"Po Sum On", Pour some on?:
The name of this product sounds like a mispronunciation of "pour some on", which seems appropriate enough and is easy to remember.
But, this is the Cantonese pronunciation for what is called in mandarin Bao Xin An You, or "Protect the Heat's Peace" Oil.
Po Sum On is easily one of the most recognizable and familiar Chinese Medicine products on the market.
Po Sum On should be the very first item to stock in your Chinese Medicine cabinet.
What is it?:
Po Sum On is an example of a warming liniment for improving circulation. Improving circulation is a critical factor in healing. Po Sum On also has an anti-inflammatory effect on the skin.
Po Sum On is used to treat joint and muscle aches, used for osteoarthritis, neuralgia (nerve pain), and traumatic injuries (such as sprains).
Tea (seed) Oil
- Peppermint Oil - This is a well-known antispasmodic (spasm relief) and analgesic (pain relief). Peppermint oil has also been used to alleviate headache, back pain, neuralgia when applied externally, and intestinal spasms when taken internally.
- The main active ingredient in Peppermint Oil is Menthol, which comprises up to 30% of the total essential oils from the peppermint plant.
- Most topical analgesics rely on herbs containing menthol, with a total content of around 2%. Po Sum On contains nearly 15% menthol, making it quite potent.
- When applied on the skin, menthol at first causes a cooling sensation, followed by a warming sensation as the blood flow increases.
- Tea (seed) Oil - Tea oil comes mainly from the seeds of the tea plant. It has a light color and fragrance, and a consistency like olive oil. This oil acts as a carrier oil in Po Sum On.
- Tea Oil has many culinary uses as it boasts very low levels of saturated fats, no trans-fats, and contains high levels of omega-6 and omega-9 fatty acids.
Dragon's Blood - Dragon's Blood is the resin from Daemonorops draco, which is commonly used to promote blood circulation and tissue regeneration while relieving pain.
Cinnamon Oil - This is a warming stimulant to circulation and an analgesic.
- Scute, Licorice - Both these herbs alleviate skin inflammation
There are no known side effects for using Po Sum On topically (on the skin, external use only).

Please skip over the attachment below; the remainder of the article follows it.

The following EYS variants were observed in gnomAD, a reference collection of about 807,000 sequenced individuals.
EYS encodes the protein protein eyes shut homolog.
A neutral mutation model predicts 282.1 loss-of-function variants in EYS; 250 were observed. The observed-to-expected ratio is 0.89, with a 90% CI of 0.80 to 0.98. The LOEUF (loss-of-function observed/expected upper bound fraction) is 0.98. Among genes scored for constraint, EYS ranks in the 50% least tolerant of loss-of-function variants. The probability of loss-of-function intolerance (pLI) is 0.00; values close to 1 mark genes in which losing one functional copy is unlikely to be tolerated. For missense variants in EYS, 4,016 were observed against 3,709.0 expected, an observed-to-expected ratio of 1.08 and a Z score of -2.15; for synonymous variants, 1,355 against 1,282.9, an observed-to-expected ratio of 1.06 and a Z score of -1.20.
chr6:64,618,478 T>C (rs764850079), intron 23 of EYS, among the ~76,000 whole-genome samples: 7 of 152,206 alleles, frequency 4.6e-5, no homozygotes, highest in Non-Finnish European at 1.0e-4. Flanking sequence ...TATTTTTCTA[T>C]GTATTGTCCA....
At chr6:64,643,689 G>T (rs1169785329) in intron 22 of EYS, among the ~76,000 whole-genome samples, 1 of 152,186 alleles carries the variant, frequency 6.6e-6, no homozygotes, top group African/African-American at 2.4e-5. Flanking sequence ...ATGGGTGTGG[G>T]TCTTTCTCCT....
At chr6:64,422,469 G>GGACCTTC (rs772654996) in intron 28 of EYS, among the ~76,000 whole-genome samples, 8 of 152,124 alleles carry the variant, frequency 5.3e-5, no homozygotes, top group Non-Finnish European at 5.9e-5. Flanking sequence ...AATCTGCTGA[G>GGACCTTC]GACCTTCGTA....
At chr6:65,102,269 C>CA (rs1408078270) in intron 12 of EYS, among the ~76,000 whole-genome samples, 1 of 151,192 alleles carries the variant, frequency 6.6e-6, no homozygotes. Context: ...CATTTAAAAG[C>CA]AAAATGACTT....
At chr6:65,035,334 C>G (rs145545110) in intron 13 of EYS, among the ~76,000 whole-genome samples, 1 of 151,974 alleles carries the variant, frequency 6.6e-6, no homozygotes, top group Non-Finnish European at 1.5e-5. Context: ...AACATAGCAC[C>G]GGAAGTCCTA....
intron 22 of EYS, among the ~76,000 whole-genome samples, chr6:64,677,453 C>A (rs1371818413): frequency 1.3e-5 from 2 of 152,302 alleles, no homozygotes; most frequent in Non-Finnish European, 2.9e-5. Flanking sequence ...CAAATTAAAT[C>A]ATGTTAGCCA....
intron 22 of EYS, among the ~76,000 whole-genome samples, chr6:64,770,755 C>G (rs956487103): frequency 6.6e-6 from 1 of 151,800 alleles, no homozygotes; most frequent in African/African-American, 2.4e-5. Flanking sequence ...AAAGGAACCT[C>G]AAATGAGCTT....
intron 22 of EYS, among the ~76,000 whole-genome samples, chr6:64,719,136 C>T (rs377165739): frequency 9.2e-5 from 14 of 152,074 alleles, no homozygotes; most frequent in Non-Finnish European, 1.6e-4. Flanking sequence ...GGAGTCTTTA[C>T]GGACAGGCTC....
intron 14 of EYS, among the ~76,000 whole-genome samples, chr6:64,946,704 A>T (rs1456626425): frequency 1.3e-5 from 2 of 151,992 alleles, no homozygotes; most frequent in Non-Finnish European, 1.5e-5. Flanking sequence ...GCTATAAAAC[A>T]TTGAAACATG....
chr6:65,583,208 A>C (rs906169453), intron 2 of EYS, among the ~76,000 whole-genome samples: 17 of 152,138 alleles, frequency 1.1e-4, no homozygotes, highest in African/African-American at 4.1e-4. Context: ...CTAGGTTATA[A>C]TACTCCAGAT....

Although one should seek medical attention if a severe allergic reaction occurs.
How to use/Directions:
Simply massage the oil into muscles to relieve pain and provide deep penetrating warmth.
May be used 3 to 4 times daily. For external use only.
For more than a hundred years, with its well-known Medicated Oil and Healing Balm, Po Sum On has been an integral part of Hong Kong people’s life and has become a must-have in every household’s medicine cabinet.
Back In the early 20th century during which Chinese and Western proprietary medicine had yet to become commonplace, medicine prescription was a tiresome process for patients, regardless of the severity of illness.
When ailments struck, whether it be a cold and fever, bronchial cough, dizziness or abdominal pain, patients had to first seek a doctor in Chinese medicine, get prescribed medicine from a herbal shop, then bring the herbs back to their home for herbal decoction. This was a very labor-intensive process.
Appreciating the difficulty, Mr. Kwok Chu Nam, founder of Po Sum On and an expert in Chinese herbal medicine, developed a topical oil with a fine blend of medicinal herbs to treat a variety of ailments, naming it the “Po Sum On Medicated Oil”, an oil to assure the well-being of the whole family.
The product’s therapeutic effectiveness was proven, and in 1907, the “Po Sum On Medicine Factory” was officially registered as a Hong Kong manufacturer, with its first shop opening at Li Yuen Street West, Central.
In 1910, the company adopted the image of a bouncing, happy-looking, heart-warming Chinese boy (Tóngzǐ) as its registered trademark, a symbol of lasting prosperity and joy in traditional Chinese culture.
In the ensuring years, Po Sum On’s operations expanded throughout Southeast Asia, establishing outlets and factories in Guangzhou, Vietnam and Macau.
The brand continues to grow in the 1950s and beyond, reaching every corner of the world from Taiwan to Australia, North America and Europe.